1. You have a special relationship with ‘the city.’

New York City was a place you visited on weekends with friends or where you went for a night out, but you always swore you’d never live there. Then, when you do move to the city, you run into six people from high school during your daily commute.

2. You’re familiar with the phrase, ‘near NYC.’

Traveling abroad, your response to the question “where are you from?” either gets you a rendition of “Born in the U.S.A.” or receives blank looks and apologetic shrugs. You get used to using our famous landmark of a neighbor to describe our state with the follow-up phrase, ‘…near NYC’.

3. You spend the summer on the shore, but you’ve never had a “Jersey Shore’ experience.

You know the shore is filled with more quaint Victorian Bed & Breakfasts than buff twenty-something partiers, and you have fond memories of spending summers there eating ice cream and doing puzzles. Sure, you still find yourself lying on the beach near flocks of tanned, tattooed bros occasionally (I did this weekend) but you’re just as likely to end up swimming near middle-aged moms who tell you which colleges their kids are going to.

4. You’ve been told there’s a Jersey accent but you’ve never heard it in the wild.

Ok, I can concede that most of us say ‘water’ differently than the rest of the country, but the idea of a unifying ‘Jersey accent’ you’ll encounter throughout the state is an urban myth. Like many things about Jersey, what you find in the north is different from what you’ll find in the south. And none of us say ‘Joisey’!

5. You know most of the stereotypes aren’t true.

Is Jersey a state filled with Italian-Americans with loose links to the mafia? Is it the unsophisticated state of McMansions and Real Housewives? Are we the Dirty Jersey you roll up your windows against while driving through on your way to NYC, or a state defined by the unhinged cast of the Jersey Shore? If you’re from Jersey, you know we aren’t any of these stereotypes, but you probably also have fun playing into them sometimes. Sure, we’ll tell you we know the mafia, but we probably don’t. (Or did they tell me to say that?)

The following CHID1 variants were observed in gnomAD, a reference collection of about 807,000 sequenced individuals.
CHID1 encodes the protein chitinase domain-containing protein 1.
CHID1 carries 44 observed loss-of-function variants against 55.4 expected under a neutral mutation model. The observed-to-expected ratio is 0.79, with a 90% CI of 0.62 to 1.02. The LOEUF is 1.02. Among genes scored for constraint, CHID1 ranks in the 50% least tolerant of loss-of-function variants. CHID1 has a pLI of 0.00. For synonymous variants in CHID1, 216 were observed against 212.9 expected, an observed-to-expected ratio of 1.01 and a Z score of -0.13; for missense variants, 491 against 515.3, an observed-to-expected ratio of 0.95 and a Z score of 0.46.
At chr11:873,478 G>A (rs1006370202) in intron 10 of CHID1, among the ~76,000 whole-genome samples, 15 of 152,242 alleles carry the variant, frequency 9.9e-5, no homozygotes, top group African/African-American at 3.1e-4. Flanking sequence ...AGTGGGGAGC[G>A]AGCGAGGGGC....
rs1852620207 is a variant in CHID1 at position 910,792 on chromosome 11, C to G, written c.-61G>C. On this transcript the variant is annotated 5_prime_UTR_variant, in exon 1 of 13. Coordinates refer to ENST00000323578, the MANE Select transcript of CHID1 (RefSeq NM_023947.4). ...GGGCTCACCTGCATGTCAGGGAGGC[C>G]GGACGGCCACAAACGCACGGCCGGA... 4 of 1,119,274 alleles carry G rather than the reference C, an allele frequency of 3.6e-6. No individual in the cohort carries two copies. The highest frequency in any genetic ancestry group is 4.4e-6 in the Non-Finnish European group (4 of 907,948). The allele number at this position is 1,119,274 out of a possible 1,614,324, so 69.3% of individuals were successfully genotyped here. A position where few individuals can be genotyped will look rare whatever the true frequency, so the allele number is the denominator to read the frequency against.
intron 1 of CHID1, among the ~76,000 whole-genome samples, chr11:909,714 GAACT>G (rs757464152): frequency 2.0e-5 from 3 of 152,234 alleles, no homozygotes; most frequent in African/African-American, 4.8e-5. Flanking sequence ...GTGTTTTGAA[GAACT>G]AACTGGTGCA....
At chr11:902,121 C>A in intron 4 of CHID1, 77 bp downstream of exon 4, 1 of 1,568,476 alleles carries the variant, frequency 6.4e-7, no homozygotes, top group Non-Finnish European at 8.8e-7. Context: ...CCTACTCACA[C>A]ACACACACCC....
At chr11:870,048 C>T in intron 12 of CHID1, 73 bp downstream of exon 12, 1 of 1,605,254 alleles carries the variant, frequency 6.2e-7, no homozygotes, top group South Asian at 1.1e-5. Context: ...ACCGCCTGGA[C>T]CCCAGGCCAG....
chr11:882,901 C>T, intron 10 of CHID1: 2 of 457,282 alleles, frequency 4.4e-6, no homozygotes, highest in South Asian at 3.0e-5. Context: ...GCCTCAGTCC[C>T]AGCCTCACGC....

6. You’re always excited to go back home because of the food.

Anyone born and raised in Jersey knows we’ve got great food. We have fresh food (we are ‘The Garden State,’ after all), we have classic food, we have guilty pleasure food. You were raised spoiled by the fresh corn and tomatoes you bought by the side of the road at farm stands, and used to a certain standard when you stop for an Italian Hoagie for lunch. Summers contained boardwalk delicacies like funnel cake and salt-water taffy or impulsive stops by a Stewarts for a root beer float.

For a fast meal or a late night snack, there’s always Wawa or one of the many, many diners our state is known for. Speaking of which, you know that diners aren’t just a staple of New York — New Jersey has the most, and many of the best, diners in the country.

7. You didn’t grow up pumping your own gas.

If you learned to drive in a state where you aren’t allowed to pump your own gas, you’re either from Oregon or you’re a fellow Jersey resident. You probably still sit waiting in your car for a while when you pull into stations in other states.

8. You know you’re in good company.

For a small state, we lay claim to many of the most talented people in the nation. From Alan Alda and Danny DeVito, to David Copperfield and Frank Langella, your fellow Jersey born-and-bred are names known throughout the world. Bon Jovi and Bruce Springsteen still make Jersey proud, and we may be stuck with Christie, but we can also claim Jon Stewart. You wouldn’t even have Game of Thrones without Jersey — not only is George R. R. Marin one of us, but so is Peter Dinklage. Would any other state have inspired Zach Braff to sing a song about his hometown?

9. You know we’re more than Newark Airport or that part of Elizabeth you pass on the Turnpike.

Everyone from Jersey is used to living in a small state with a lot of identities. We know that when you veer off of I-95, you’re likely to end up in beautiful historic towns with artistic communities, or find yourself driving through the peaceful forested area of the Pine Barrens. You understand that along with the industrial cities in the north, we also have vast farmland and untouched nature, quiet suburbs and those charming towns by the shore. You probably define where you’re from by north, south or central Jersey and understand what those differences are.

10. You’re quick to defend your state.

You may be okay being the butt of the joke from time to time, but when it goes too far, your sense of Jersey pride is always ready to come to the surface. We definitely won’t be okay with outsiders calling us “Dirty Jersey”. We might be divided by north, south and central, but we all know how great the real Jersey is and nothing brings us together like encountering someone who doesn’t.

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